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Aug 20, 2010
So I asked myself what has made the greatest positive difference in my translation business in the past year? In the past five years? In the past ten? It was fairly easy to narrow down the answers.
For the past year, the increased use of online management tools for project management, deliveries and invoicing has helped me the most.
In the past five years, two things have mattered most: greater collaboration with a competent partner (which made many projects possible which I would otherwise not have touched) and joining a professional translators' organization (BDÜ in my case) after passing the state exams in Berlin, Germany. That has brought in many nice referrals. I don't think I can narrow down the five-year factors any more, because the impact of all three actions has been huge, and all are rather closely related in various ways.
The greatest impact over the course of the ten years I have been engaged in significant volumes of translation has surely been the use of translation environment tools such as Déjà Vu, SDL Trados and memoQ (just to name the primary ones I work with). That's also why these are discussed so often in this blog. Properly applied, these tools can play a positive role in nearly any commercial translation business.
Of course, every translation business is unique, and needs and priorities differ. What has had the biggest impact for you in the past year, the past five and past ten?
Posted by Kevin Lossner at 10:14 AM
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Hi Kevin. I'd have to say that joining the ATA was the single most useful action I've taken in terms of getting more approaches from better quality clients. I'd also say that starting a copy-editing diploma has been really useful in helping me stream my work more in that direction - although market forces seem to be pulling me more in that direction too. I'd also say that joining my local bike club has been a real positive; taking myself out of my garret and re-engaging with fellow humans has definitely changed my perspective. Oh, starting a blog has been a real bonus in terms of being able to externalize the "creativity" my everyday role doesn't permitReplyDelete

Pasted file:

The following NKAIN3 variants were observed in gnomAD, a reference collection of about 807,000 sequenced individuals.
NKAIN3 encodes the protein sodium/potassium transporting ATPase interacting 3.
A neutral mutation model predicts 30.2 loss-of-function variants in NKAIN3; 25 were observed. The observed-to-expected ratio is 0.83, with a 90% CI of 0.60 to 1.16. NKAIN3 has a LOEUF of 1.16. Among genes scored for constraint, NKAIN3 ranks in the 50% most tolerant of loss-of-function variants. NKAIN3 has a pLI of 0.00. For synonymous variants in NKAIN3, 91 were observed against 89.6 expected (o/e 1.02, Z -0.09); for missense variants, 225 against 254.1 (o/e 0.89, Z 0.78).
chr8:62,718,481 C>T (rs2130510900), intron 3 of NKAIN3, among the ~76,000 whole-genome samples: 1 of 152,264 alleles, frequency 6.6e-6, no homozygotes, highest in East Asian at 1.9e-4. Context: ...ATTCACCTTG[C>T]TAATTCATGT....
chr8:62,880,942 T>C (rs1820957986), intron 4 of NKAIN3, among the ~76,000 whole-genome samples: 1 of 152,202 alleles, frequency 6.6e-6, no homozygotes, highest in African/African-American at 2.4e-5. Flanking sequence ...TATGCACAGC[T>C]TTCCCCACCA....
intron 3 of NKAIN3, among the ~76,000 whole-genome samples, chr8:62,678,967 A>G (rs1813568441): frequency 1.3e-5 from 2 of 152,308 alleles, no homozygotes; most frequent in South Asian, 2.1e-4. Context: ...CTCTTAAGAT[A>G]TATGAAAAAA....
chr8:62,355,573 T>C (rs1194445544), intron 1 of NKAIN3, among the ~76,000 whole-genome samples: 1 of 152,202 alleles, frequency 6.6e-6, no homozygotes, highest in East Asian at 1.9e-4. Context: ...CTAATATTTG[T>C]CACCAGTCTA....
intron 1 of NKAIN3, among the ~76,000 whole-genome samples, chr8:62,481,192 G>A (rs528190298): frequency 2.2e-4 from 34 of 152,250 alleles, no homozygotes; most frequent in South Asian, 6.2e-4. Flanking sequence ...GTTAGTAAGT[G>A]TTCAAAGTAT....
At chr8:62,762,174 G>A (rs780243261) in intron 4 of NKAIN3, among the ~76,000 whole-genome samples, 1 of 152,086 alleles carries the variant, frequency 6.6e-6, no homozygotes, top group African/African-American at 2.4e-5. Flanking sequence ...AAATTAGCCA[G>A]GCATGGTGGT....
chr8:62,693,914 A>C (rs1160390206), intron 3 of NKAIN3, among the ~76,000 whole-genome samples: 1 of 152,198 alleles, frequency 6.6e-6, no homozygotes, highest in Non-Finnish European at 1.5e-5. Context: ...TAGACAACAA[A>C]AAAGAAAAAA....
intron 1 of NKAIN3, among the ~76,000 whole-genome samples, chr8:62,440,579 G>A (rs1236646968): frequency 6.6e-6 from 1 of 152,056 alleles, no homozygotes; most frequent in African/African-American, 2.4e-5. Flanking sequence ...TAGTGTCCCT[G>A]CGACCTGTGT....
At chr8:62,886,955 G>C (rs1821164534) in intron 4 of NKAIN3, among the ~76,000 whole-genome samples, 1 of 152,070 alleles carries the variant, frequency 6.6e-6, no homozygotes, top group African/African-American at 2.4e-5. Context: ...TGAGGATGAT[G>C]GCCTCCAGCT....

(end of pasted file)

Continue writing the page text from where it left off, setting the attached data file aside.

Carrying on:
@Andrew: The ATA rather than your local NAATI? I've heard very positive things about the ITI and some of its programs (well, "programmes" since they're Brits) from Marc Prior & others and thought about joining, though I question whether a British connection would really serve my interests. But I believe strongly in the support offered to new professionals that Marc told me about; continuing education seminars in the BDÜ are one of that organization's aspects that I respect most, even if I seldom take advantage of what's on offer.ReplyDelete
Thanks for the thought-inspiring post Kevin! Past year: actively working on my time management and efficiency has made a huge difference in my stress level and in the amount of time it takes me to do my non-translation work (processing e-mail, accounting, etc.). Past five: Becoming active in ATA and our local association and talking to translators who work at the very high end of the market has really opened my eyes to what the high end of the market is (and it's not 20 cents a word). And blogging and meeting all of you! Ten years: I've only been translating for 8, so I'll tell you in 2012!ReplyDelete
Great post! I have gotten the most out of: 1 - Being an active member of my national translators association (SFT in France); 2 - Working with a marketing consultant several years ago to support me in my move from all-agencies to a direct clientele (an investment of several thousand EUR that has yielded BIG dividends in terms of revenue and job satisfaction); 3 - Bringing in two new business partners, one a translator like me and one a project manager/business developer, for the teamwork and for the increased capacity it gives us; 4 - Expanding into copywriting (I specialize in marketing translation, so the jump was natural, if a bit scary at first).ReplyDelete
It's interesting that everyone else so far has had similarly good experiences with the professional translators' associations. I never expected the value I actually received, because my expectations were based on comments by ex-members or current members who were put off by the griping unprofessionalism of certain cliques. I think it's probably also important to find the right association for one's purposes. While I like tekom (one of the professional associations I was associated with almost since I arrived in Germany), its focus is really on technical writers and translation is truly an afterthought. I learn a lot of valuable things from that organization, but the lucrative referrals come from the BDÜ. But that's not the only professional association for translators in Germany, just the largest. I'm curious whether other more local groups like ADÜ Nord are more valuable in some circumstances.ReplyDelete
I'm also very encouraged by Andrew's experience with the ATA. One acquaintance of mine in Germany was less enthusiastic, but her qualifications and experience, while very good, are very different from his. In one way or another what you get from an organization will have a lot to do with what you bring to it, and nobody's formula will be a Universal Elixir.